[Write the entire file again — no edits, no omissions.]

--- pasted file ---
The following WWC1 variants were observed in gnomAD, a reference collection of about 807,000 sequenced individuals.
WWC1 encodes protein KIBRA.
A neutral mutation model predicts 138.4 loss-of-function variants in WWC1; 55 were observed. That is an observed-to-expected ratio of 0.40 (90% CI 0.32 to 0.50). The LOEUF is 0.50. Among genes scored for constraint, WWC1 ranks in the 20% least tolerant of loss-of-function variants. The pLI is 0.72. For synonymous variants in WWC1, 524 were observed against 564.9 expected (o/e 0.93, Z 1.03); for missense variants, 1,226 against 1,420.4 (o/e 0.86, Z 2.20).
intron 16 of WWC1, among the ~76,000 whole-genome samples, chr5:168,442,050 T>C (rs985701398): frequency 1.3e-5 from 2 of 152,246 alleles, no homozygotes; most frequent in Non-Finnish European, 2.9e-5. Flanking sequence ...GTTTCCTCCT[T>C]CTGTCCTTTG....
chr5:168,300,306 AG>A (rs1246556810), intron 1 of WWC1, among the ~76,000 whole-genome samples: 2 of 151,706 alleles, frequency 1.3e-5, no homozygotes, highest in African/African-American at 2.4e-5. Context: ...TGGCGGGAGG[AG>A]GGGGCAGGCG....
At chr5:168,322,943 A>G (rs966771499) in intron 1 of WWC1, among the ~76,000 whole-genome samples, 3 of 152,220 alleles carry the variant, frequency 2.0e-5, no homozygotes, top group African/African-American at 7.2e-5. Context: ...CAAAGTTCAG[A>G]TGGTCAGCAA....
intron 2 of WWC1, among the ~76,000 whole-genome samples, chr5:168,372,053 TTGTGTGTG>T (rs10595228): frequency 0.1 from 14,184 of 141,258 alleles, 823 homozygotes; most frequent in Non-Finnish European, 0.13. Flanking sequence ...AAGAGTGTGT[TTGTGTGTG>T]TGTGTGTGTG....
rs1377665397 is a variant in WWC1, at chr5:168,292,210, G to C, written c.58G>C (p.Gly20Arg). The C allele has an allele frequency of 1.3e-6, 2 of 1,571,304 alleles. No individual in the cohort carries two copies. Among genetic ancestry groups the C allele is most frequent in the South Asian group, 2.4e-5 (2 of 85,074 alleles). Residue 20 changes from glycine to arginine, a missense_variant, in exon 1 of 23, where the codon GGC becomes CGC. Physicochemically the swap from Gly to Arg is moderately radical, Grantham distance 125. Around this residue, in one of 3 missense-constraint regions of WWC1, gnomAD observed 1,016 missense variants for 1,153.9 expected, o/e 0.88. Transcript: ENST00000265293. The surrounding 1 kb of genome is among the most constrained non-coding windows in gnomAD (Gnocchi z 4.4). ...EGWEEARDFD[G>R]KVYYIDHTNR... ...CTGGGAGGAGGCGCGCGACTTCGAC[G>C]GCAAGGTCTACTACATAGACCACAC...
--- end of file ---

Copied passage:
The following WWC1 variants were observed in gnomAD, a reference collection of about 807,000 sequenced individuals.
WWC1 encodes protein KIBRA.
A neutral mutation model predicts 138.4 loss-of-function variants in WWC1; 55 were observed. That is an observed-to-expected ratio of 0.40 (90% CI 0.32 to 0.50). The LOEUF is 0.50. Among genes scored for constraint, WWC1 ranks in the 20% least tolerant of loss-of-function variants. The pLI is 0.72. For synonymous variants in WWC1, 524 were observed against 564.9 expected (o/e 0.93, Z 1.03); for missense variants, 1,226 against 1,420.4 (o/e 0.86, Z 2.20).
intron 16 of WWC1, among the ~76,000 whole-genome samples, chr5:168,442,050 T>C (rs985701398): frequency 1.3e-5 from 2 of 152,246 alleles, no homozygotes; most frequent in Non-Finnish European, 2.9e-5. Flanking sequence ...GTTTCCTCCT[T>C]CTGTCCTTTG....
chr5:168,300,306 AG>A (rs1246556810), intron 1 of WWC1, among the ~76,000 whole-genome samples: 2 of 151,706 alleles, frequency 1.3e-5, no homozygotes, highest in African/African-American at 2.4e-5. Context: ...TGGCGGGAGG[AG>A]GGGGCAGGCG....
At chr5:168,322,943 A>G (rs966771499) in intron 1 of WWC1, among the ~76,000 whole-genome samples, 3 of 152,220 alleles carry the variant, frequency 2.0e-5, no homozygotes, top group African/African-American at 7.2e-5. Context: ...CAAAGTTCAG[A>G]TGGTCAGCAA....
intron 2 of WWC1, among the ~76,000 whole-genome samples, chr5:168,372,053 TTGTGTGTG>T (rs10595228): frequency 0.1 from 14,184 of 141,258 alleles, 823 homozygotes; most frequent in Non-Finnish European, 0.13. Flanking sequence ...AAGAGTGTGT[TTGTGTGTG>T]TGTGTGTGTG....
rs1377665397 is a variant in WWC1, at chr5:168,292,210, G to C, written c.58G>C (p.Gly20Arg). The C allele has an allele frequency of 1.3e-6, 2 of 1,571,304 alleles. No individual in the cohort carries two copies. Among genetic ancestry groups the C allele is most frequent in the South Asian group, 2.4e-5 (2 of 85,074 alleles). Residue 20 changes from glycine to arginine, a missense_variant, in exon 1 of 23, where the codon GGC becomes CGC. Physicochemically the swap from Gly to Arg is moderately radical, Grantham distance 125. Around this residue, in one of 3 missense-constraint regions of WWC1, gnomAD observed 1,016 missense variants for 1,153.9 expected, o/e 0.88. Transcript: ENST00000265293. The surrounding 1 kb of genome is among the most constrained non-coding windows in gnomAD (Gnocchi z 4.4). ...EGWEEARDFD[G>R]KVYYIDHTNR... ...CTGGGAGGAGGCGCGCGACTTCGAC[G>C]GCAAGGTCTACTACATAGACCACAC...